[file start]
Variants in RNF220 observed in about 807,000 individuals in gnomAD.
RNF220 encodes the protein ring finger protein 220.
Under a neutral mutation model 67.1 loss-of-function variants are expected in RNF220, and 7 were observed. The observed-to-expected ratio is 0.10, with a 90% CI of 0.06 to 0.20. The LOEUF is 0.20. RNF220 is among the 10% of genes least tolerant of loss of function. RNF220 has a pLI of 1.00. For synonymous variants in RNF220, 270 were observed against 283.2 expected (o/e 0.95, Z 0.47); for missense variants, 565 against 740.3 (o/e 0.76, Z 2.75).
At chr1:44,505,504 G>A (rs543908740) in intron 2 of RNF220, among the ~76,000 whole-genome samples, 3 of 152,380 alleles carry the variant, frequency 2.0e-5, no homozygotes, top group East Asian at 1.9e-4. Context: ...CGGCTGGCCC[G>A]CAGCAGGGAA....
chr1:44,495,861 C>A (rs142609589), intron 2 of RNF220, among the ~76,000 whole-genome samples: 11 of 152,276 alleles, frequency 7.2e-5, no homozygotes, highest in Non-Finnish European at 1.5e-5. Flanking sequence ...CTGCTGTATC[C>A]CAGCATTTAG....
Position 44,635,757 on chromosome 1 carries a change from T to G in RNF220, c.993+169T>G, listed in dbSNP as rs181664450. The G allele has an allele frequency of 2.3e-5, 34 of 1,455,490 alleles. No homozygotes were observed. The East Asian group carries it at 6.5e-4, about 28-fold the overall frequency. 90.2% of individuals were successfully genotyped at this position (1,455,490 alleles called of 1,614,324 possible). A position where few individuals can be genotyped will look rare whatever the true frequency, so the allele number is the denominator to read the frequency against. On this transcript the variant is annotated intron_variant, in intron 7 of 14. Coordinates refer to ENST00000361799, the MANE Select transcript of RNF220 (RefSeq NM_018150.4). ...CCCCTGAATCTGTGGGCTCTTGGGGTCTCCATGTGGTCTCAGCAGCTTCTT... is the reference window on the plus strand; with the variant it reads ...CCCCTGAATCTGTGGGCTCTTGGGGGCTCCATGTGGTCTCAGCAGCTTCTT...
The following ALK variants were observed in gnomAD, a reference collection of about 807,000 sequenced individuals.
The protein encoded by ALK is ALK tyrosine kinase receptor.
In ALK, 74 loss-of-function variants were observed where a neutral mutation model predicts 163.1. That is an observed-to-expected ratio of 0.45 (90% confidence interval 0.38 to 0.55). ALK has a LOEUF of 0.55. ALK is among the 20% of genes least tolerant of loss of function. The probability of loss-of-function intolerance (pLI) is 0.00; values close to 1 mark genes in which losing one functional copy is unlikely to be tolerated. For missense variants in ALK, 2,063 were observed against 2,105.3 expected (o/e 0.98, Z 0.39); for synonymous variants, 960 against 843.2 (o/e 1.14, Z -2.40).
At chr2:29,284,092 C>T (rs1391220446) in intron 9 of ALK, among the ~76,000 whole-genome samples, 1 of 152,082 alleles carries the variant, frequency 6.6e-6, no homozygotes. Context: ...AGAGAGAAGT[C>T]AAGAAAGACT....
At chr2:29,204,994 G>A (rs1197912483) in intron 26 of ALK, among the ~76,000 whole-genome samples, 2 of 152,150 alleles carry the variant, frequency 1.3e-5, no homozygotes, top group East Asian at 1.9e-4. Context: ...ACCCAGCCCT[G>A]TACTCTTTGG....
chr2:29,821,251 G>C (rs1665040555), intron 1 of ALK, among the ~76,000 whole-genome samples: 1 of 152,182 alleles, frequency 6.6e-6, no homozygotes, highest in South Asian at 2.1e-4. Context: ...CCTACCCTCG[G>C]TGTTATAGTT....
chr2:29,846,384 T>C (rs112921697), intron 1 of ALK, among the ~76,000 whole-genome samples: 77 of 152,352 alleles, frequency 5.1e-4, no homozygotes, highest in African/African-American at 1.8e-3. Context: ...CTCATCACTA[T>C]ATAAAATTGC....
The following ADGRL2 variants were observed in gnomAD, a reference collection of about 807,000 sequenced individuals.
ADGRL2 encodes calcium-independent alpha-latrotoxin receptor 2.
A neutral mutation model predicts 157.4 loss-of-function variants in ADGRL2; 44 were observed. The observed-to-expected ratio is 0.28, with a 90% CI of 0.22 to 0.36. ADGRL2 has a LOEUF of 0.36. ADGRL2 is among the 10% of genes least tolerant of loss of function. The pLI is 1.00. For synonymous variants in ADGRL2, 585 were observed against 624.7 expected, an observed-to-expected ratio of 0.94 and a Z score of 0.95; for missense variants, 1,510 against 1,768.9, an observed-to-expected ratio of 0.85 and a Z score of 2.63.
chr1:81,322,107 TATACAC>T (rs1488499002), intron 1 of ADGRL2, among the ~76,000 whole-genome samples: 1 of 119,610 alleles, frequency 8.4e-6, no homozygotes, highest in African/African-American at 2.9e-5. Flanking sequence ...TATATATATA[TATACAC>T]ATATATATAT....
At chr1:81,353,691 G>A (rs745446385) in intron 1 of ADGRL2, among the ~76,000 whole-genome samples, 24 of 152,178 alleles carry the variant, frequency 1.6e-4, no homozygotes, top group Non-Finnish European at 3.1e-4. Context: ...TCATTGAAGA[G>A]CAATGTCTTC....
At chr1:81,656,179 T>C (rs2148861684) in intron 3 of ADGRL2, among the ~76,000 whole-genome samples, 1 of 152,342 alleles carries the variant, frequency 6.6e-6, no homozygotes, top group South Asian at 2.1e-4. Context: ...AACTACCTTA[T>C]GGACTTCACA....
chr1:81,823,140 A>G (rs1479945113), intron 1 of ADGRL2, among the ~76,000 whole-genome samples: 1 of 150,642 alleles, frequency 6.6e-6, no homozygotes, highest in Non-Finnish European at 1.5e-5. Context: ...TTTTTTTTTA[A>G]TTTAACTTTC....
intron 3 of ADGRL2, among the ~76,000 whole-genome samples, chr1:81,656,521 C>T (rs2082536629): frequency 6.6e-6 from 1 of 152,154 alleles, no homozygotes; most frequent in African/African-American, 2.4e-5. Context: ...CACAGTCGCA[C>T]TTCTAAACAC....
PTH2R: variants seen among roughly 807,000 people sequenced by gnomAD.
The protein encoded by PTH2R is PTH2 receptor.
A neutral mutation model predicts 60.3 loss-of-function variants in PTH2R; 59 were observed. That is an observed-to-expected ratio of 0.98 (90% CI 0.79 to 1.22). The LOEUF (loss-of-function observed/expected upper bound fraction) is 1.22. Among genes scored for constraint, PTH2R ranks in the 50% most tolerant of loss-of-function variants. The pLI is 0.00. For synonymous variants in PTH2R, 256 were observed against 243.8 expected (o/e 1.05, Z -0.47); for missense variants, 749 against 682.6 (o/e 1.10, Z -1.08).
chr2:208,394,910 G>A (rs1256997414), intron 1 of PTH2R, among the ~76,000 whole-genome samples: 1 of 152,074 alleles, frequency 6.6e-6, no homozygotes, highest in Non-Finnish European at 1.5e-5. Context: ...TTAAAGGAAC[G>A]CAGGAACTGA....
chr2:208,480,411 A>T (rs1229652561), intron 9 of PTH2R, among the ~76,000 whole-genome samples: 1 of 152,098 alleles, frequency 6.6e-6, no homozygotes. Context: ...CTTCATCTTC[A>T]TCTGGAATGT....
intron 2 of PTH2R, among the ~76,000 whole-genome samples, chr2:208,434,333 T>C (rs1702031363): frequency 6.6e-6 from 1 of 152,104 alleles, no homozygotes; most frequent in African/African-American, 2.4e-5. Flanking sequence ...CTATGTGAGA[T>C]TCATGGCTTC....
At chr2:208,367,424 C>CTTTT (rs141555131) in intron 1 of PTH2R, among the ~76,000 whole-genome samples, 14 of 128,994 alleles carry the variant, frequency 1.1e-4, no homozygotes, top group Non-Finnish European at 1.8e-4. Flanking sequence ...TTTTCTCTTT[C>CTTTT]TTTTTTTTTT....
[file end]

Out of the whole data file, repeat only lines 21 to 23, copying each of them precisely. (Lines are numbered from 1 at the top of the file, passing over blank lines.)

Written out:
intron 3 of ADGRL2, among the ~76,000 whole-genome samples, chr1:81,656,521 C>T (rs2082536629): frequency 6.6e-6 from 1 of 152,154 alleles, no homozygotes; most frequent in African/African-American, 2.4e-5. Context: ...CACAGTCGCA[C>T]TTCTAAACAC....
PTH2R: variants seen among roughly 807,000 people sequenced by gnomAD.
The protein encoded by PTH2R is PTH2 receptor.